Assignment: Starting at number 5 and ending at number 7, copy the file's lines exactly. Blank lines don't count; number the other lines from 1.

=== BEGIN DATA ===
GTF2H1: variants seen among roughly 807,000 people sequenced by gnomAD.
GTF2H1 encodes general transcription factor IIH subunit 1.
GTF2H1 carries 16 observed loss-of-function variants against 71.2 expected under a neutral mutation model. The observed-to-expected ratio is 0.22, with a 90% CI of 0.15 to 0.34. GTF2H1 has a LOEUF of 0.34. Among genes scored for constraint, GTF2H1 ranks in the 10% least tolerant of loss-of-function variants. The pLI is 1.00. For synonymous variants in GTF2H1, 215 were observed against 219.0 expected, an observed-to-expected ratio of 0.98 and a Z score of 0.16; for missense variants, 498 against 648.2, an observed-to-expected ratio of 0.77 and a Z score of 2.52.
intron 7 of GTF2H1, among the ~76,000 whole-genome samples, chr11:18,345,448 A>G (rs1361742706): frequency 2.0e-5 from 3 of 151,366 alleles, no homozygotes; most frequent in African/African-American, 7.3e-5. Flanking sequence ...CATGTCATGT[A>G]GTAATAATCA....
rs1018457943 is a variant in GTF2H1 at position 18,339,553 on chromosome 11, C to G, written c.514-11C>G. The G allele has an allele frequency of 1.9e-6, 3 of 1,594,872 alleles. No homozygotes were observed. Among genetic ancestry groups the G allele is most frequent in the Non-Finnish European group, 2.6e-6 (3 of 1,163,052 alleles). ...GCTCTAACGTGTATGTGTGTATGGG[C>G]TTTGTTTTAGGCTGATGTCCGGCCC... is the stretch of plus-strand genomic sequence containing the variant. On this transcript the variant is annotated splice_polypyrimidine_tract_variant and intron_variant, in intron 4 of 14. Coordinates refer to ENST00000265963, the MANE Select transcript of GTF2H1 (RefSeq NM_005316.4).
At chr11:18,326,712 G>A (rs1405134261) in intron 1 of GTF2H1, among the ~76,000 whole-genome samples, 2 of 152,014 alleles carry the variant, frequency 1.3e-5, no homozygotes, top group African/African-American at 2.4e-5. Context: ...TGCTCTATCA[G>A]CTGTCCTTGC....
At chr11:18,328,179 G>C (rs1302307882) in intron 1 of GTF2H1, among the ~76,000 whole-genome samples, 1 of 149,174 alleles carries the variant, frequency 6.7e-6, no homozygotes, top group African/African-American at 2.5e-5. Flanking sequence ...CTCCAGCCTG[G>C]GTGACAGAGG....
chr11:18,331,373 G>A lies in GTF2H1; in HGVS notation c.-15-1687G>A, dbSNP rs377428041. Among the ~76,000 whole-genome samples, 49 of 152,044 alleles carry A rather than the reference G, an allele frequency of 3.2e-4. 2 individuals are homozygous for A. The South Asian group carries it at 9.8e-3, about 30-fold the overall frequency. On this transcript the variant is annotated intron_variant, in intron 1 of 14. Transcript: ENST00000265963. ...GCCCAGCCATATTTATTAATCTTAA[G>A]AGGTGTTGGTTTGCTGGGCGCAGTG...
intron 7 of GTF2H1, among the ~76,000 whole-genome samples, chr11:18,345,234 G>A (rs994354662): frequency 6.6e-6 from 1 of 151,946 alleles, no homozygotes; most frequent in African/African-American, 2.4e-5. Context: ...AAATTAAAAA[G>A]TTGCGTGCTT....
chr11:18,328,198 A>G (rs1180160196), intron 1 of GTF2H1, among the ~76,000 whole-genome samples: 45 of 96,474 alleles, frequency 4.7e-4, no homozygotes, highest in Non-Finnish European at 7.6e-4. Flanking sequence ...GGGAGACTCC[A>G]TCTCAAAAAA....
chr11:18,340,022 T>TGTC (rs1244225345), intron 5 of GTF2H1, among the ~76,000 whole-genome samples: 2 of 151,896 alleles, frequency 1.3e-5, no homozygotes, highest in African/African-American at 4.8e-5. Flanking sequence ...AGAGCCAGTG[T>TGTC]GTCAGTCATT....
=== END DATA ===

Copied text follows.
rs1018457943 is a variant in GTF2H1 at position 18,339,553 on chromosome 11, C to G, written c.514-11C>G. The G allele has an allele frequency of 1.9e-6, 3 of 1,594,872 alleles. No homozygotes were observed. Among genetic ancestry groups the G allele is most frequent in the Non-Finnish European group, 2.6e-6 (3 of 1,163,052 alleles). ...GCTCTAACGTGTATGTGTGTATGGG[C>G]TTTGTTTTAGGCTGATGTCCGGCCC... is the stretch of plus-strand genomic sequence containing the variant. On this transcript the variant is annotated splice_polypyrimidine_tract_variant and intron_variant, in intron 4 of 14. Coordinates refer to ENST00000265963, the MANE Select transcript of GTF2H1 (RefSeq NM_005316.4).
At chr11:18,326,712 G>A (rs1405134261) in intron 1 of GTF2H1, among the ~76,000 whole-genome samples, 2 of 152,014 alleles carry the variant, frequency 1.3e-5, no homozygotes, top group African/African-American at 2.4e-5. Context: ...TGCTCTATCA[G>A]CTGTCCTTGC....
At chr11:18,328,179 G>C (rs1302307882) in intron 1 of GTF2H1, among the ~76,000 whole-genome samples, 1 of 149,174 alleles carries the variant, frequency 6.7e-6, no homozygotes, top group African/African-American at 2.5e-5. Flanking sequence ...CTCCAGCCTG[G>C]GTGACAGAGG....